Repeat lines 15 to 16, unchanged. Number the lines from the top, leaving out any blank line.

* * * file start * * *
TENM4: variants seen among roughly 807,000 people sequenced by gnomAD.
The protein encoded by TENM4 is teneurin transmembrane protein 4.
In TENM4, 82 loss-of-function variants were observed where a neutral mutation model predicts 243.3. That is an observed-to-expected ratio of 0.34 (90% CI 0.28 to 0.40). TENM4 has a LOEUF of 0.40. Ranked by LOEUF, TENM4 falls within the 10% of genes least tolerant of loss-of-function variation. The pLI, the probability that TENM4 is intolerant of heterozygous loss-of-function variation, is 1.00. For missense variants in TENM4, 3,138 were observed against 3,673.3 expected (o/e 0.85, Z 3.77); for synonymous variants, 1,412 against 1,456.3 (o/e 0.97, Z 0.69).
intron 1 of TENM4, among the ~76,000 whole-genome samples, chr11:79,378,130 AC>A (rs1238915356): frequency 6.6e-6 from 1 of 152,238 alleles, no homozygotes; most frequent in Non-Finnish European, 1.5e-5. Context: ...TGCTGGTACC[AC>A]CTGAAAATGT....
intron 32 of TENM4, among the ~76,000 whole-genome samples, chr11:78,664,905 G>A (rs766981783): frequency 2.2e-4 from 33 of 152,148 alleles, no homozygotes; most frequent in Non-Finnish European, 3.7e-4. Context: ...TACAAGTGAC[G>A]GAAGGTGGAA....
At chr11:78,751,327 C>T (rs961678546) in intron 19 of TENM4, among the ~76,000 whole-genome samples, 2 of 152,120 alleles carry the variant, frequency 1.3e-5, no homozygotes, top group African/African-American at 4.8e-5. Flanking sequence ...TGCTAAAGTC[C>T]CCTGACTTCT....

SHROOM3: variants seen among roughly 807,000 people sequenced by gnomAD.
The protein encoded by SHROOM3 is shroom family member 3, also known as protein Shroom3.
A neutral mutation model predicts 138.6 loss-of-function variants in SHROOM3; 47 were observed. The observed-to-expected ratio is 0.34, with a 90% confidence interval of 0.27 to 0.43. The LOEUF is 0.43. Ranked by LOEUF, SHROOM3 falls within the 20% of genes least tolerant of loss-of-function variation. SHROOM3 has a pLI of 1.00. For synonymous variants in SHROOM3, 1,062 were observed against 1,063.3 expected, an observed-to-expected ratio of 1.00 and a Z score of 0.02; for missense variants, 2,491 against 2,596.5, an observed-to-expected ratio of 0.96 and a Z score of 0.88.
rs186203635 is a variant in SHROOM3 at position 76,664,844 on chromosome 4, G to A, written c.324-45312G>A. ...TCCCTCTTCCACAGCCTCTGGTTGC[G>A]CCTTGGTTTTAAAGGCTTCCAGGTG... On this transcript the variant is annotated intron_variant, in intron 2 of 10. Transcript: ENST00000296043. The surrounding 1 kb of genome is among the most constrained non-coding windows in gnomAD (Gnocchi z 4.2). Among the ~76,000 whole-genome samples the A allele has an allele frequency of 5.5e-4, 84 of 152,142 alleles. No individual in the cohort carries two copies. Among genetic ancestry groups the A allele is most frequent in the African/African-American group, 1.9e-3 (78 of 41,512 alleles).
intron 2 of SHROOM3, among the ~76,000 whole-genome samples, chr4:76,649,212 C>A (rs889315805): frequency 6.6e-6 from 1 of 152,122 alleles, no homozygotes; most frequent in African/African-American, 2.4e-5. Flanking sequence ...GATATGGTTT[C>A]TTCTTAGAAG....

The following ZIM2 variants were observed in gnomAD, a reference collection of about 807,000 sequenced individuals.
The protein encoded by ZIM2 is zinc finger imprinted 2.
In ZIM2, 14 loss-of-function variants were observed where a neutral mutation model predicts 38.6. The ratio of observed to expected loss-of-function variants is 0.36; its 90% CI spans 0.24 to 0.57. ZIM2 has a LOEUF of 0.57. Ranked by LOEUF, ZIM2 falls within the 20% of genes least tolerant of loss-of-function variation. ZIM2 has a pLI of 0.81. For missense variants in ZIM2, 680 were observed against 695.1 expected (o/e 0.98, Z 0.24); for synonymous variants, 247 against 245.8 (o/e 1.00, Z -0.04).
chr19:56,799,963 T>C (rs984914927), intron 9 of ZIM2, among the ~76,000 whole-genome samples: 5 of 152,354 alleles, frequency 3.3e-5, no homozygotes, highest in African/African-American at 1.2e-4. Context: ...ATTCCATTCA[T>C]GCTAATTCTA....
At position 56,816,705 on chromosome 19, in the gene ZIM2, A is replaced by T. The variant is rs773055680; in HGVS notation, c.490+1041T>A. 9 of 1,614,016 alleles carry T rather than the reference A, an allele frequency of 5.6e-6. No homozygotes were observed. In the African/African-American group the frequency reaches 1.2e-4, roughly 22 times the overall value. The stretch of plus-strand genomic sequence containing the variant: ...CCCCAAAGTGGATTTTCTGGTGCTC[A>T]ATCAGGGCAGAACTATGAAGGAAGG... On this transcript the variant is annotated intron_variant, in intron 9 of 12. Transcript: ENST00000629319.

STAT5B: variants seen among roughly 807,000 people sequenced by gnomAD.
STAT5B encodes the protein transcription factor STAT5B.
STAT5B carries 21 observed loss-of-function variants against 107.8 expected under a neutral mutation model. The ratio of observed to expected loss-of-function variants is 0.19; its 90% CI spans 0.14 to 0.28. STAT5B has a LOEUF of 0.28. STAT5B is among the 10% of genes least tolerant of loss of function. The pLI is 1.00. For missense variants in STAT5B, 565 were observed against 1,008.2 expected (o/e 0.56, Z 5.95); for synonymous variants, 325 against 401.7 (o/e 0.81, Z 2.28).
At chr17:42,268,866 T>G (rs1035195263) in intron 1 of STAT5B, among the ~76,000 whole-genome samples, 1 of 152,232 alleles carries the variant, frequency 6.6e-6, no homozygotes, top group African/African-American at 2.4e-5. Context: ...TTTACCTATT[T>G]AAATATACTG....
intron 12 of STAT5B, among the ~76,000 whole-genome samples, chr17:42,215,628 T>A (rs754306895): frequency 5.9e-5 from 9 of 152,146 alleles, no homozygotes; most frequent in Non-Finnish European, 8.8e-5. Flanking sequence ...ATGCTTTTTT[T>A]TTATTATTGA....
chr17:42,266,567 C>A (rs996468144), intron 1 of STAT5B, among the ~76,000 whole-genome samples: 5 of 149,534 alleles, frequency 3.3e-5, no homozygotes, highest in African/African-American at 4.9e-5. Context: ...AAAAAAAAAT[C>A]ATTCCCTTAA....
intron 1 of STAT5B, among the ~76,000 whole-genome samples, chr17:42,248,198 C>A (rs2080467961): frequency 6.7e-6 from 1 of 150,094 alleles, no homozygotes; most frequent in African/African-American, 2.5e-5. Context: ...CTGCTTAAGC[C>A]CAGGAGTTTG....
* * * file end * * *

chr19:56,799,963 T>C (rs984914927), intron 9 of ZIM2, among the ~76,000 whole-genome samples: 5 of 152,354 alleles, frequency 3.3e-5, no homozygotes, highest in African/African-American at 1.2e-4. Context: ...ATTCCATTCA[T>C]GCTAATTCTA....
At position 56,816,705 on chromosome 19, in the gene ZIM2, A is replaced by T. The variant is rs773055680; in HGVS notation, c.490+1041T>A. 9 of 1,614,016 alleles carry T rather than the reference A, an allele frequency of 5.6e-6. No homozygotes were observed. In the African/African-American group the frequency reaches 1.2e-4, roughly 22 times the overall value. The stretch of plus-strand genomic sequence containing the variant: ...CCCCAAAGTGGATTTTCTGGTGCTC[A>T]ATCAGGGCAGAACTATGAAGGAAGG... On this transcript the variant is annotated intron_variant, in intron 9 of 12. Transcript: ENST00000629319.